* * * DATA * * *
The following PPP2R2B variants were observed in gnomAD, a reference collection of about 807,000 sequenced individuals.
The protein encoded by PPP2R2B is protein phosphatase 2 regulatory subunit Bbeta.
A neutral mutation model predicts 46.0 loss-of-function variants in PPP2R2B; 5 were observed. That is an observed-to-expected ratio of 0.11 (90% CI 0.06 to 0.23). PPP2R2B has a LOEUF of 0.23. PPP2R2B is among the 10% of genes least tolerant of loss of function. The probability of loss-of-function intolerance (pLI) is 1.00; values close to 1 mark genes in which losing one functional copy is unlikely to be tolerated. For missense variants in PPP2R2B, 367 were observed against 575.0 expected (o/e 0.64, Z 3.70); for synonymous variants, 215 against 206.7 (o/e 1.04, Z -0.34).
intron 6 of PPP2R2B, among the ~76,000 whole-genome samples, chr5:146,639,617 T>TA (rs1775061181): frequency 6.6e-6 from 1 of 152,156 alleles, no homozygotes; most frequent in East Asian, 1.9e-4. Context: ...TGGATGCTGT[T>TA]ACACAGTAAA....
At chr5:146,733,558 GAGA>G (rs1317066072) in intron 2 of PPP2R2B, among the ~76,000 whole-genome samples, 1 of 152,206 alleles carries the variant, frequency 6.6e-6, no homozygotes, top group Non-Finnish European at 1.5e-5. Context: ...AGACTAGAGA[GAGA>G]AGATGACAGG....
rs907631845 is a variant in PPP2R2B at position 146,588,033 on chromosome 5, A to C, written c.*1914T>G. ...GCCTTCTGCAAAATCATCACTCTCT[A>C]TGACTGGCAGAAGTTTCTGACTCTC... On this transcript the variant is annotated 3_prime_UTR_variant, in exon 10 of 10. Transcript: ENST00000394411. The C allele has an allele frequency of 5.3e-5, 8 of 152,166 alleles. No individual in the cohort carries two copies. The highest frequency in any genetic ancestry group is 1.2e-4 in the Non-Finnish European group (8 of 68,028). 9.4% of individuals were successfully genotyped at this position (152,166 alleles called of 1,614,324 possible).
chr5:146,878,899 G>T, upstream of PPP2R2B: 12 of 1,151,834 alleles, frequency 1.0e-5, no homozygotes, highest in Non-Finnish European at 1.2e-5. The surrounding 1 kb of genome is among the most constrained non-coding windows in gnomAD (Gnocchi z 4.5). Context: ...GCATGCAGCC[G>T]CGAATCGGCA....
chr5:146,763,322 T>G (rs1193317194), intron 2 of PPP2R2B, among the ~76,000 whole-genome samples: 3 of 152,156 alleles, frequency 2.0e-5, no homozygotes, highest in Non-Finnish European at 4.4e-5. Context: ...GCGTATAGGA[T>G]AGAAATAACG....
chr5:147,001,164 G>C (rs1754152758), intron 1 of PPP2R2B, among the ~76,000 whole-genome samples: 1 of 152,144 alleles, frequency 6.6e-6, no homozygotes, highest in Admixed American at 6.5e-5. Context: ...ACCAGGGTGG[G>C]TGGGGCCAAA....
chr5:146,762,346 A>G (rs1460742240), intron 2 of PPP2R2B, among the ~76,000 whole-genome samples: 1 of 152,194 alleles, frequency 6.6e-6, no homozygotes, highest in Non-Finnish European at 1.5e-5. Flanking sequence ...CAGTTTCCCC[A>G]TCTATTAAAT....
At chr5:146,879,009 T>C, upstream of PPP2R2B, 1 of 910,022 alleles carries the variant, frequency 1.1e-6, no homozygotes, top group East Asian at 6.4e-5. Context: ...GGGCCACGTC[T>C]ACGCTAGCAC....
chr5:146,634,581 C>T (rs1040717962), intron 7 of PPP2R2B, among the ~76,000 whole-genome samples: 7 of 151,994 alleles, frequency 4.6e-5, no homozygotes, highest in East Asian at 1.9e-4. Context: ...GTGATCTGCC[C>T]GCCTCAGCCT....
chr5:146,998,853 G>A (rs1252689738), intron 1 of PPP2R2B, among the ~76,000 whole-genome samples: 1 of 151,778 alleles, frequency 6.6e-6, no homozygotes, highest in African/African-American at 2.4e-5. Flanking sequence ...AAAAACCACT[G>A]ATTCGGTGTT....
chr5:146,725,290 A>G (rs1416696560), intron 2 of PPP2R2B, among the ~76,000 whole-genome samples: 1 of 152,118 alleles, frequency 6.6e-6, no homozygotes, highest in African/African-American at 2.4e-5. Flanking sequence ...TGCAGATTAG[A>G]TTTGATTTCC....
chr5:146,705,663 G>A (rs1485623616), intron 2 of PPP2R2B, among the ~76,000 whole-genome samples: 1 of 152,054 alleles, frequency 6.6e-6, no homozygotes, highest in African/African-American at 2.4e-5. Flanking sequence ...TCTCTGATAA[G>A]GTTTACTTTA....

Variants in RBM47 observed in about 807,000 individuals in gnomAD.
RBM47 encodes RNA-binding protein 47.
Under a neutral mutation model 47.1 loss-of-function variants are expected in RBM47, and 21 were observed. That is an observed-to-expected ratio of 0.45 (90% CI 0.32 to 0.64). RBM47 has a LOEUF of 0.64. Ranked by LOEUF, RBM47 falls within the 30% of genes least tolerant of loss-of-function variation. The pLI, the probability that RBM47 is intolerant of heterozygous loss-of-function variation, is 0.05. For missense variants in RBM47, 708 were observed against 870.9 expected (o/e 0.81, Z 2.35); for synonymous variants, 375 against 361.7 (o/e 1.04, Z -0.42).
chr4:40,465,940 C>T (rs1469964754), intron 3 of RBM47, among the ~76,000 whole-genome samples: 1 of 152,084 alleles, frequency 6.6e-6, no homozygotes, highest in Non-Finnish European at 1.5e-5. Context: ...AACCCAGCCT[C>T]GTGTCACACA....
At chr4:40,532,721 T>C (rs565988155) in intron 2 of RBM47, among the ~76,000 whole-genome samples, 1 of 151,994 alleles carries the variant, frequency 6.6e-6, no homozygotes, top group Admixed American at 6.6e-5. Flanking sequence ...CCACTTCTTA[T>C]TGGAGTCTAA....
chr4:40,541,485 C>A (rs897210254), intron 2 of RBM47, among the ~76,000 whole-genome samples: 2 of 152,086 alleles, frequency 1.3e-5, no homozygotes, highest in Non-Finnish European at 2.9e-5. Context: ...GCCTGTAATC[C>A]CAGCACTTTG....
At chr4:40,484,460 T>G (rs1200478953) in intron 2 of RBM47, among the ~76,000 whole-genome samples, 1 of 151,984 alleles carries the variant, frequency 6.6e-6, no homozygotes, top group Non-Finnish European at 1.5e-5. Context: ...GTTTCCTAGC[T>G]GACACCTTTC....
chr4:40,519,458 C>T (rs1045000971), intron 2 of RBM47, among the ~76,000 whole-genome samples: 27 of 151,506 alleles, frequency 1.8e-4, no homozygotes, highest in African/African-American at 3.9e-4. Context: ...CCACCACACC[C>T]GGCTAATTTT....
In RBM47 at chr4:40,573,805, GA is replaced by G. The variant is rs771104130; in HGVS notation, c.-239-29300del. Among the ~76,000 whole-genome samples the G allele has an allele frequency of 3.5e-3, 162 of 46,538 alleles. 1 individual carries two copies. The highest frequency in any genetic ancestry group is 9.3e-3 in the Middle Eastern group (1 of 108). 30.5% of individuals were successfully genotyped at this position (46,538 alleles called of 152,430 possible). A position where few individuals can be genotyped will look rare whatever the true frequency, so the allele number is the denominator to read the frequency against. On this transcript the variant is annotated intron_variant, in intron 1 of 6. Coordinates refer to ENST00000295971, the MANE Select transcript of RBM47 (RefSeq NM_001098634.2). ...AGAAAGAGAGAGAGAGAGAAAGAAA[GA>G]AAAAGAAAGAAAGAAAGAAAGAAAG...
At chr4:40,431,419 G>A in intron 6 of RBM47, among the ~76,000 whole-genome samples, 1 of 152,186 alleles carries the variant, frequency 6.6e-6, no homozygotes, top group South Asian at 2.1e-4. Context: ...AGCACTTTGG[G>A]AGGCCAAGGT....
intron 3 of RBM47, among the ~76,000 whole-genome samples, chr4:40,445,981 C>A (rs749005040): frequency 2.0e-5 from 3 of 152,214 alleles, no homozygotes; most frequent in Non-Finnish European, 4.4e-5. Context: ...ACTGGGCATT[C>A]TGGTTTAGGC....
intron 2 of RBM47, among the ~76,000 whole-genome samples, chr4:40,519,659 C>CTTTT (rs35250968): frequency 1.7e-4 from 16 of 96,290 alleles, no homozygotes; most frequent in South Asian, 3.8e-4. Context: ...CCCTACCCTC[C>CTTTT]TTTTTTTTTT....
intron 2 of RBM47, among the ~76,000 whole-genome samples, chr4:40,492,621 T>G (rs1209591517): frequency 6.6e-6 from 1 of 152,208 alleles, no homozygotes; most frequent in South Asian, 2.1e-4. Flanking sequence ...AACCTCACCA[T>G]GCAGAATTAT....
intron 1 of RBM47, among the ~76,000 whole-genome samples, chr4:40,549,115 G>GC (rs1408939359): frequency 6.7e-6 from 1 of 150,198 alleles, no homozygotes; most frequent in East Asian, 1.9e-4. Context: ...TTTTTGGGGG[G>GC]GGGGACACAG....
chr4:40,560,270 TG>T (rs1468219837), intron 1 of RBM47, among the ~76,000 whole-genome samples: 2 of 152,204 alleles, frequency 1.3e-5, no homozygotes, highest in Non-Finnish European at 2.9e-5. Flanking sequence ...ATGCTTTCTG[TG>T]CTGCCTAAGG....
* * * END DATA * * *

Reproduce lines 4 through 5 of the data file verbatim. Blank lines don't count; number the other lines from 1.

intron 6 of PPP2R2B, among the ~76,000 whole-genome samples, chr5:146,639,617 T>TA (rs1775061181): frequency 6.6e-6 from 1 of 152,156 alleles, no homozygotes; most frequent in East Asian, 1.9e-4. Context: ...TGGATGCTGT[T>TA]ACACAGTAAA....
At chr5:146,733,558 GAGA>G (rs1317066072) in intron 2 of PPP2R2B, among the ~76,000 whole-genome samples, 1 of 152,206 alleles carries the variant, frequency 6.6e-6, no homozygotes, top group Non-Finnish European at 1.5e-5. Context: ...AGACTAGAGA[GAGA>G]AGATGACAGG....